17 research outputs found

### Jacobi Mapping Approach for a Precise Cosmological Weak Lensing Formalism

Cosmological weak lensing has been a highly successful and rapidly developing
research field since the first detection of cosmic shear in 2000. However, it
has recently been pointed out in Yoo et al. that the standard weak lensing
formalism yields gauge-dependent results and, hence, does not meet the level of
accuracy demanded by the next generation of weak lensing surveys. Here, we show
that the Jacobi mapping formalism provides a solid alternative to the standard
formalism, as it accurately describes all the relativistic effects contributing
to the weak lensing observables. We calculate gauge-invariant expressions for
the distortion in the luminosity distance, the cosmic shear components and the
lensing rotation to linear order including scalar, vector and tensor
perturbations. In particular, the Jacobi mapping formalism proves that the
rotation is fully vanishing to linear order. Furthermore, the cosmic shear
components contain an additional term in tensor modes which is absent in the
results obtained with the standard formalism. Our work provides further support
and confirmation of the gauge-invariant lensing formalism needed in the era of
precision cosmology.Comment: 33 pages, no figures, published in JCA

### Cosmological Information Contents on the Light-Cone

We develop a theoretical framework to describe the cosmological observables
on the past light cone such as the luminosity distance, weak lensing, galaxy
clustering, and the cosmic microwave background anisotropies. We consider that
all the cosmological observables include not only the background quantity, but
also the perturbation quantity, and they are subject to cosmic variance, which
sets the fundamental limits on the cosmological information that can be derived
from such observables, even in an idealized survey with an infinite number of
observations. To quantify the maximum cosmological information content, we
apply the Fisher information matrix formalism and spherical harmonic analysis
to cosmological observations, in which the angular and the radial positions of
the observables on the light cone carry different information. We discuss the
maximum cosmological information that can be derived from five different
observables: (1) type Ia supernovae, (2) cosmic microwave background
anisotropies, (3) weak gravitational lensing, (4) local baryon density, and (5)
galaxy clustering. We compare our results with the cosmic variance obtained in
the standard approaches, which treat the light cone volume as a cubic box of
simultaneity. We discuss implications of our formalism and ways to overcome the
fundamental limit.Comment: 39 pages, no figures, submitted to JCA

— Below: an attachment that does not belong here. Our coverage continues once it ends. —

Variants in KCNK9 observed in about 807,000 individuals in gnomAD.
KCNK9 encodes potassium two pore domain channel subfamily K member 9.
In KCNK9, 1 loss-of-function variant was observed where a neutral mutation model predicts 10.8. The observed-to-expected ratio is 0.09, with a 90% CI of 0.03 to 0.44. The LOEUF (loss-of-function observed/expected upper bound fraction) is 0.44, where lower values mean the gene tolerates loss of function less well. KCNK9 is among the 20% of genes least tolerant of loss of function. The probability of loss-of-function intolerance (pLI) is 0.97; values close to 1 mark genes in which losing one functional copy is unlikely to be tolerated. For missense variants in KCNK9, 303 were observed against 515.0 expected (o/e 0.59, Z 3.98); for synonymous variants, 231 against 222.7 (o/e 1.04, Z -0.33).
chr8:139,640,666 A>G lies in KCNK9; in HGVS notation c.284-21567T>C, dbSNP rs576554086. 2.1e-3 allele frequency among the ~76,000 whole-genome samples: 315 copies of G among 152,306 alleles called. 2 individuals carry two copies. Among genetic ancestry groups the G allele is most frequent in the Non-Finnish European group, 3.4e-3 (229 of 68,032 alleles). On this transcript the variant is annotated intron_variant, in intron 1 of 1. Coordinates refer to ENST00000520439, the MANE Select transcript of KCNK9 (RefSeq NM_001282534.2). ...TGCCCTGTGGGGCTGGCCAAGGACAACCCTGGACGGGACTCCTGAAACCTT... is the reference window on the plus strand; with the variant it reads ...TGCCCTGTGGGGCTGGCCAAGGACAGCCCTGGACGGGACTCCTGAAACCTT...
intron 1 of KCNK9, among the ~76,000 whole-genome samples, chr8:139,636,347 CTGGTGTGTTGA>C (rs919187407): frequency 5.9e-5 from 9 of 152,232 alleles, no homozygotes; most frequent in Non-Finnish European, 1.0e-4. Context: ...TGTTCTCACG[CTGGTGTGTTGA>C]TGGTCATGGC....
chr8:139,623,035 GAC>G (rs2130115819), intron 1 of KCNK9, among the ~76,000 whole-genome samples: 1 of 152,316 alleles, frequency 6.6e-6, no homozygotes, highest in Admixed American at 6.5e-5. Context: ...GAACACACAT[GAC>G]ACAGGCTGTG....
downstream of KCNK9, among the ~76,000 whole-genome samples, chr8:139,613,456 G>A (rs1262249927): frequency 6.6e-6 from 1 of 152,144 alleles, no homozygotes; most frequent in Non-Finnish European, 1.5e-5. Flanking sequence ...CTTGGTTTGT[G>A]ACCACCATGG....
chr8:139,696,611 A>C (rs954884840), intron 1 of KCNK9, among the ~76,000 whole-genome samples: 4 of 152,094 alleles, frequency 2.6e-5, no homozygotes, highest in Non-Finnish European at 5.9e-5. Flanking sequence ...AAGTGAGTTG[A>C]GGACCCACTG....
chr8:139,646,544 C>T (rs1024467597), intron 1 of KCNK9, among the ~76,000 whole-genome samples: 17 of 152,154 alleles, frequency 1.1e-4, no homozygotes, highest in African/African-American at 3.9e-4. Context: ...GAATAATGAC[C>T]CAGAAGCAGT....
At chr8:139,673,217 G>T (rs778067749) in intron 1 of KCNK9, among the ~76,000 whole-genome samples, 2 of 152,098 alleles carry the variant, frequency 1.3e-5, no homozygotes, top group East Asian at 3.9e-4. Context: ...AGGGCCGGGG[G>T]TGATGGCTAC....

### Non-Gaussianity in the squeezed three-point correlation from the relativistic effects

Assuming a Î›CDM universe in a single-field inflationary scenario, we compute the three-point correlation function of the observed matter density fluctuation in the squeezed triangular configuration, accounting for all the relativistic effects at the second order in perturbations. This squeezed three-point correlation function characterizes the local-type primordial non-Gaussianity, and it has been extensively debated in literature whether there exists a prominent feature in galaxy clustering on large scales in a single-field inflationary scenario either from the primordial origin or the intrinsic nonlinearity in general relativity. First, we show that theoretical descriptions of galaxy bias are incomplete in general relativity due to ambiguities in spatial gauge choice, while those of cosmological observables are independent of spatial gauge choice. Hence a proper relativistic description of galaxy bias is needed to reach a definitive conclusion in galaxy clustering. Second, we demonstrate that the gauge-invariant calculations of the cosmological observables remain unaffected by extra coordinate transformations like CFC or large diffeomorphism like dilatation. Finally, we show that the relativistic effects associated with light propagation in observations cancel each other, and hence there exists no non-Gaussian contribution from the so-called projection effects in the squeezed three-point correlation function

### Galaxy Power Spectrum in General Relativity

We present the galaxy power spectrum in general relativity. Using a novel
approach, we derive the galaxy power spectrum taking into account all the
relativistic effects in observations. In particular, we show independently of
survey geometry that relativistic effects yield no divergent terms
(proportional to $k^{-4}P_m(k)$ or $k^{-2}P_m(k)$ on all scales) that would
mimic the signal of primordial non-Gaussianity. This cancellation of such